The ExtensibleMarkup Language (XML)

Jun 15, 2009 Author: MYSQL Expert

XML is a subset of Standard Generalized Markup Language (SGML); its design goal
is to be as powerful and flexible as SGML with less complexity. If you’ve ever worked
with Hypertext Markup Language (HTML), then you’re familiar with an application
of SGML. If you’ve ever worked with Extensible Hypertext Markup Language
(XHTML), then you’re familiar with an application of XML, since XHTML is a reformulation
of HTML 4 as XML.It is not the scope of this book to provide a complete primer on XML. As such, we
assume that you are familiar with the XML and XPath languages and their associated
concepts.

In order to understand the concepts that follow in this chapter, it is important that
you know some basic principles about XML and how to create well-formed and valid
XML documents. In fact, it is nowimportant to define a few terms before proceeding:
Entity: An entity is a named unit of storage. In XML, they can be used for a
variety of purposes—such as providing convenient “variables” to hold data,
or to represent characters that cannot normally be part of an XML document
(for example, angular brackets and ampersand characters). Entity definitions
can be either embedded directly in an XML document, or included from an
external source.
Element: A data object that is part of an XML document. Elements can contain
other elements or raw textual data, as well as feature zero or more attributes.

Document Type Declaration: A set of instructions that describes the accepted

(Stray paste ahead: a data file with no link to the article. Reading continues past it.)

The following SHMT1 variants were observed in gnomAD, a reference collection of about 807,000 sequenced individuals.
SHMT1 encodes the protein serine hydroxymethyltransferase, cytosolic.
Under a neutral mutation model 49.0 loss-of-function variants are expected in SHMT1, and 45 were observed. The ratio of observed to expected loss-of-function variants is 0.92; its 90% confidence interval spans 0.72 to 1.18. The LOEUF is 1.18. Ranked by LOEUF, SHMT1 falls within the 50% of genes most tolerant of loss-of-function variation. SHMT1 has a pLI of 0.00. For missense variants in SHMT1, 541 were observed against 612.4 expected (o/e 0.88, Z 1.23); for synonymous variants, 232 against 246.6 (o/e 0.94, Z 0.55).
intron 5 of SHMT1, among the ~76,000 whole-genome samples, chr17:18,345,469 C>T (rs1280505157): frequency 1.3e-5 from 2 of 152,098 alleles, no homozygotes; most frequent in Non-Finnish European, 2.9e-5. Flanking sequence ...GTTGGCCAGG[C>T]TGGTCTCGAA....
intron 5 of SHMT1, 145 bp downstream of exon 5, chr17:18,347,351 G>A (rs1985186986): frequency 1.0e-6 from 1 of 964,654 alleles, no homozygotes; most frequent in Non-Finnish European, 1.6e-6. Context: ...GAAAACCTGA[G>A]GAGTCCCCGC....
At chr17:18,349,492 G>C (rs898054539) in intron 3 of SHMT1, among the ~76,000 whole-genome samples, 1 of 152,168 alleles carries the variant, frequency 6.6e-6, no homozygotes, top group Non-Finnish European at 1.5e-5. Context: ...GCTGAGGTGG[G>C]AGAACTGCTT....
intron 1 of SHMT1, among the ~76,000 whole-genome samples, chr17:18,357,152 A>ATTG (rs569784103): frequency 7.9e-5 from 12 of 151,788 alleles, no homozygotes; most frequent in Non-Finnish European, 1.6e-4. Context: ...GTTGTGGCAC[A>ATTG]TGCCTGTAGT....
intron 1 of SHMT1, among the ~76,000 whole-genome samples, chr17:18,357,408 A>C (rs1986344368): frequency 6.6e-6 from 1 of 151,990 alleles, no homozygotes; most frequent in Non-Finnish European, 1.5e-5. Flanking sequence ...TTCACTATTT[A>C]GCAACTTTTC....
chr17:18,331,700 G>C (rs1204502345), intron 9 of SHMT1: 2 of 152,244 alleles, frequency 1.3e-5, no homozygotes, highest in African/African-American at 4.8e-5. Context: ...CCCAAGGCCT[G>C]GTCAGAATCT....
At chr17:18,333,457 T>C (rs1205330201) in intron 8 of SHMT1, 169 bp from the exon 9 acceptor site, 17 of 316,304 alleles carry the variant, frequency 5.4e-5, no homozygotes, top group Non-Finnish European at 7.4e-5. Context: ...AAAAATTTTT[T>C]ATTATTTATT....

structure and content of an XML file. Like entities, DTDs can either be externally
defined or embedded.
Well-formed: An XML document is considered well-formed when it contains a
single root level element, all tags are opened and closed properly and all entities
(<, >, &, ’, ") are escaped properly. Specifically, it must conform to all
“well-formedness” constraints as defined by the W3C XML recommendation.
Valid: An XML document is valid when it is both well-formed and obeys a
referenced DTD. An XML document can be well-formed and not valid, but it
can never be valid and not well-formed.

A well-formed XML document can be as simple as:

<?xml version="1.0"?>
<message>
Hello, World!
This example conforms fully to the definition described earlier: it has at least one
element, and that element is delimited by start and end tags. However, it is not valid,
because it doesn’t reference a DTD. Here is an example of a valid version of the same
document:
<?xml version="1.0"?>
<!DOCTYPE message SYSTEM "message.dtd">
<message>
Hello, World!
</message>
In this case, an external DTD is loaded from local storage, but the declarations may
also be listed locally:
<?xml version="1.0"?>
<!DOCTYPE message [<
!ELEMENT message (#PCDATA)>]
><message>
Hello, World!
</message>

In practice, mostXMLdocuments youwork with will not contain aDTD—and, therefore,
will not be valid. In fact, the DTD is not a requirement except to validate the structure of a document, which may not even be a requirement for your particular
needs. However, all XML documents must be well-formed for PHP’s XML functionality
to properly parse them, as XML itself is a strict language.

tags: XMLlanguage

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